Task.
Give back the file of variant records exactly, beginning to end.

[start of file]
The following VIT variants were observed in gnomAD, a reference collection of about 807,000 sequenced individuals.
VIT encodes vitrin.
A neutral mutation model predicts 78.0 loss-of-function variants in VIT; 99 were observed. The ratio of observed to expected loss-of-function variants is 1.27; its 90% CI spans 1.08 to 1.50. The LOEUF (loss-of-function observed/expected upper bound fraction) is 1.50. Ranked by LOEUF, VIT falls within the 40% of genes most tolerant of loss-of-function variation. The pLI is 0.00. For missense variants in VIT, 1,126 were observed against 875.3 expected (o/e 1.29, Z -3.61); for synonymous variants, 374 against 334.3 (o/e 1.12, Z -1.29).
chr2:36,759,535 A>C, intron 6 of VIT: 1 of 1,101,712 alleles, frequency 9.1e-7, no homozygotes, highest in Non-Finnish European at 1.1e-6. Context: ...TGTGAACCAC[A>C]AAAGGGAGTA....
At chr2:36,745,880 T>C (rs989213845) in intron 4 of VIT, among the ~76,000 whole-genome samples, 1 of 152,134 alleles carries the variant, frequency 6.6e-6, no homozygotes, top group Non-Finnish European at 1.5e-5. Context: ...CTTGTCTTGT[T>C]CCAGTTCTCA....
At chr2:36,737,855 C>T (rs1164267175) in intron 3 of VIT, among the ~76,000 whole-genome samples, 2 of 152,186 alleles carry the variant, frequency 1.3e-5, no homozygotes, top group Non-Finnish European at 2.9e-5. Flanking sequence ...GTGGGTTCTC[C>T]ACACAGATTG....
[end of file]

The following VIT variants were observed in gnomAD, a reference collection of about 807,000 sequenced individuals.
VIT encodes vitrin.
A neutral mutation model predicts 78.0 loss-of-function variants in VIT; 99 were observed. The ratio of observed to expected loss-of-function variants is 1.27; its 90% CI spans 1.08 to 1.50. The LOEUF (loss-of-function observed/expected upper bound fraction) is 1.50. Ranked by LOEUF, VIT falls within the 40% of genes most tolerant of loss-of-function variation. The pLI is 0.00. For missense variants in VIT, 1,126 were observed against 875.3 expected (o/e 1.29, Z -3.61); for synonymous variants, 374 against 334.3 (o/e 1.12, Z -1.29).
chr2:36,759,535 A>C, intron 6 of VIT: 1 of 1,101,712 alleles, frequency 9.1e-7, no homozygotes, highest in Non-Finnish European at 1.1e-6. Context: ...TGTGAACCAC[A>C]AAAGGGAGTA....
At chr2:36,745,880 T>C (rs989213845) in intron 4 of VIT, among the ~76,000 whole-genome samples, 1 of 152,134 alleles carries the variant, frequency 6.6e-6, no homozygotes, top group Non-Finnish European at 1.5e-5. Context: ...CTTGTCTTGT[T>C]CCAGTTCTCA....
At chr2:36,737,855 C>T (rs1164267175) in intron 3 of VIT, among the ~76,000 whole-genome samples, 2 of 152,186 alleles carry the variant, frequency 1.3e-5, no homozygotes, top group Non-Finnish European at 2.9e-5. Flanking sequence ...GTGGGTTCTC[C>T]ACACAGATTG....